BMW has started testing the i Hydrogen NEXT SUV on the road. The hydrogen fuel cell vehicle is set to enter a pilot production phase in 2022, with the German firm aiming to put it into series production in 2025, depending on market conditions and infrastructure support.
BMW has already tested the car’s various systems (namely, the hydrogen storage tank, battery pack and electric motors) individually, but this is the first time the drivetrain has been assessed in its entirety under real-world conditions.
Over the coming months, BMW’s engineers will drive a fleet of i Hydrogen NEXT prototypes over thousands of miles in real traffic to evaluate the efficiency, reliability and safety of the technology, while considering the convenience of the current hydrogen infrastructure.
Frank Weber, BMW’s board member for development said: “Hydrogen fuel cell technology can be an attractive option for sustainable drivetrains – especially in larger vehicle classes. That is why road testing of near-standard vehicles with a hydrogen fuel cell drivetrain is an important milestone in our research and development efforts.”
New 2022 BMW i Hydrogen NEXT: design and powertrain
The BMW i Hydrogen NEXT shares its body-in-white with the current-generation X5, albeit with a handful of cosmetic alterations that mark it out as one of the company’s eco models. There’s a unique blue-tinted radiator grille, a set of lightweight alloy wheels and a revised rear diffuser with blanked-off exhaust outlets and blue trim.
It’s powered by a pair of electric motors (one at each axle), which have a combined output of 369bhp. They’re the company’s fifth-generation eDrive motors, which also feature on the new i4 saloon and the upcoming facelifted iX3 SUV.
However, instead of pulling stored electrical energy from a battery pack like a conventional electric car, the i Hydrogen NEXT generates its own electricity through a chemical reaction between stored hydrogen, and oxygen from the air, via a fuel cell. As such, the only on-road emissions generated by the vehicle is water.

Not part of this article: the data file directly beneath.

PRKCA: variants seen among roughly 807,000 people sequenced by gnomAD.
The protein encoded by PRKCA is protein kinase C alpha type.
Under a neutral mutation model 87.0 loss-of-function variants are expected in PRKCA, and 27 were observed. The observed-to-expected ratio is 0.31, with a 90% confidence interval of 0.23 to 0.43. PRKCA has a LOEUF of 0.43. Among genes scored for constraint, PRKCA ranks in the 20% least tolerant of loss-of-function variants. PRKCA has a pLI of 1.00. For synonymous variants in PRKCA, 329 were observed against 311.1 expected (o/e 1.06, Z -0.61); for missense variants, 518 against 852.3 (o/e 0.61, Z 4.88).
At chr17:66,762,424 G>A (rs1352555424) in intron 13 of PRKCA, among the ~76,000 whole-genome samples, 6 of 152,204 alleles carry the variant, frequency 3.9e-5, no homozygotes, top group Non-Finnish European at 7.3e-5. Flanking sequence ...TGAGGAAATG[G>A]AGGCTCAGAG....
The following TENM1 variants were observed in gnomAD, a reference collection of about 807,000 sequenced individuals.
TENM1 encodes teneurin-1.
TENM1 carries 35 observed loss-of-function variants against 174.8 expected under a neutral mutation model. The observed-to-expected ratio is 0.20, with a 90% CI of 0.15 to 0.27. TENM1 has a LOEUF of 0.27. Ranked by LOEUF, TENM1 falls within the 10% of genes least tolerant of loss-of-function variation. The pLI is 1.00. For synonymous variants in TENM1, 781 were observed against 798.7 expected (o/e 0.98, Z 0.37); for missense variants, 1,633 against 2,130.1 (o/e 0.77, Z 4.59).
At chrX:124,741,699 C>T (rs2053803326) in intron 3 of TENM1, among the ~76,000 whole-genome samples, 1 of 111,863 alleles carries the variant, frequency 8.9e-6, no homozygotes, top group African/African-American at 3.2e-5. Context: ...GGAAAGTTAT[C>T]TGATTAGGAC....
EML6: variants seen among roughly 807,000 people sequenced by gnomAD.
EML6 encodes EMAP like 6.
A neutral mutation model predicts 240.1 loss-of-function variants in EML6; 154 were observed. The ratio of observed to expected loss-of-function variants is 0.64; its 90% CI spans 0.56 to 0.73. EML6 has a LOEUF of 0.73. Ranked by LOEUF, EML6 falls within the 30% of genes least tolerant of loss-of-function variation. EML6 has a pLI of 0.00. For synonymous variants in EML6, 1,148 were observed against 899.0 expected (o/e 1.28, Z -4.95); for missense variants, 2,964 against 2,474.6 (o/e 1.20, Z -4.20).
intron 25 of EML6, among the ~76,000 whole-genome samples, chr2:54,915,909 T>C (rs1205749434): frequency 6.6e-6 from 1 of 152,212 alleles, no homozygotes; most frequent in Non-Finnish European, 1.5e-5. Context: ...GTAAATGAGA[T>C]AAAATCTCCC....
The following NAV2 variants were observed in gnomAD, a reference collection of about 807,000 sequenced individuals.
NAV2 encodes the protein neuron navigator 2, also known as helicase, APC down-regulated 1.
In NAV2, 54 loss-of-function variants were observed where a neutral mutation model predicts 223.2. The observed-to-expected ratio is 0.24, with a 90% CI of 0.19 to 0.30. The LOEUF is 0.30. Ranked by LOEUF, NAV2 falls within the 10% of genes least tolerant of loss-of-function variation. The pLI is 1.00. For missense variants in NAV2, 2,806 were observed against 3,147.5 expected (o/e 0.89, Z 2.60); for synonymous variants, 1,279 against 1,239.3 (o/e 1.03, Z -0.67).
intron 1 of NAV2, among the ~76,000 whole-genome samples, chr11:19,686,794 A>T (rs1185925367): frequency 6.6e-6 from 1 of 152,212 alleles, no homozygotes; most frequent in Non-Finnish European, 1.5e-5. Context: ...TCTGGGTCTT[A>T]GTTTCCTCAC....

The fuel cell is supplied by two 700-bar storage tanks, which occupy the same space as the gearbox and driveshaft in the combustion-engined X5. Together, the tanks can hold six kilogrammes of hydrogen.
BMW says this guarantees a long range regardless of the prevailing weather, unlike a traditional battery electric vehicle, whose usable range generally decreases in colder conditions. Refuelling also only takes around four minutes, which is a huge saving over the hour-and-a-half average charge-times of current conventional electric vehicles.
Other claimed advantages a hydrogen-electric vehicle has over a traditional EV include suitability for towing and no compromises on passenger comfort, due to the lack of a heavy lithium-ion battery pack and the stiffer suspension required to support it.
BMW drew on Toyota’s expertise when designing the i Hydrogen NEXT by using the Japanese brand’s fuel cells. They’ve already proven their worth in the Mirai, which works in much the same manner as BMW’s new hydrogen vehicle.
The pair have worked collaboratively on the project since 2013, with a small fleet of hydrogen-powered BMW 5 Series GT prototypes entering development in 2015. The two companies also signed a product development agreement in 2016, with the aim of producing scalable modular components and fuel cell drive systems for hydrogen-powered vehicles.
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